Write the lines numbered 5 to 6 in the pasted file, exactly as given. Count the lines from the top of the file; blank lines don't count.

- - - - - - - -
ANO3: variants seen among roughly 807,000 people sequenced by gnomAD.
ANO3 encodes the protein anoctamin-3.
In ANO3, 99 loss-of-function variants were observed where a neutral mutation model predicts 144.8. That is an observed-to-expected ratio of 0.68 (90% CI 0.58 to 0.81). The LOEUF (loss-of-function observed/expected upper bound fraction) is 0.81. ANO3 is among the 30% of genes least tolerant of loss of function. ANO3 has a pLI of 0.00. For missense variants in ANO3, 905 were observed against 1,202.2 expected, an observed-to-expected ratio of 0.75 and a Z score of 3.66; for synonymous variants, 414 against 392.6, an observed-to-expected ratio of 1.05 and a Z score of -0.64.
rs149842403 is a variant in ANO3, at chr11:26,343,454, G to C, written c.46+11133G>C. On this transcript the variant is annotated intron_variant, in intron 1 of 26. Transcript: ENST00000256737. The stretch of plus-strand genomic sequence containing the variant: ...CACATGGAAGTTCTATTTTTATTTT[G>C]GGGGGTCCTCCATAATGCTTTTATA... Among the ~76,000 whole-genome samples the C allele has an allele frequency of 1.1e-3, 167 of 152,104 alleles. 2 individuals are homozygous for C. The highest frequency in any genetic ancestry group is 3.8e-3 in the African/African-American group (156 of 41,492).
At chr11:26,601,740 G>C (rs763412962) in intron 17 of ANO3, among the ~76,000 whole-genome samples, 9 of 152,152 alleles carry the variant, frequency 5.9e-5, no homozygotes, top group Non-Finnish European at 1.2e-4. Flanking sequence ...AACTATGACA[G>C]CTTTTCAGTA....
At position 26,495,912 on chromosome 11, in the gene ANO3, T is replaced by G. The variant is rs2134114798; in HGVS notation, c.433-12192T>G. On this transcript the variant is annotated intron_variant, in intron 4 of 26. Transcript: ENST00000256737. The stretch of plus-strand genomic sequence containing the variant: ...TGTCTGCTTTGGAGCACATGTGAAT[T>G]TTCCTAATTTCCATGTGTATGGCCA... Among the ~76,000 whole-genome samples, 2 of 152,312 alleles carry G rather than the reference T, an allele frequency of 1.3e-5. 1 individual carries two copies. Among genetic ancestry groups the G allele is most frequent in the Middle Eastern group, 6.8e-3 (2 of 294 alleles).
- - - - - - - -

At chr11:26,601,740 G>C (rs763412962) in intron 17 of ANO3, among the ~76,000 whole-genome samples, 9 of 152,152 alleles carry the variant, frequency 5.9e-5, no homozygotes, top group Non-Finnish European at 1.2e-4. Flanking sequence ...AACTATGACA[G>C]CTTTTCAGTA....
At position 26,495,912 on chromosome 11, in the gene ANO3, T is replaced by G. The variant is rs2134114798; in HGVS notation, c.433-12192T>G. On this transcript the variant is annotated intron_variant, in intron 4 of 26. Transcript: ENST00000256737. The stretch of plus-strand genomic sequence containing the variant: ...TGTCTGCTTTGGAGCACATGTGAAT[T>G]TTCCTAATTTCCATGTGTATGGCCA... Among the ~76,000 whole-genome samples, 2 of 152,312 alleles carry G rather than the reference T, an allele frequency of 1.3e-5. 1 individual carries two copies. Among genetic ancestry groups the G allele is most frequent in the Middle Eastern group, 6.8e-3 (2 of 294 alleles).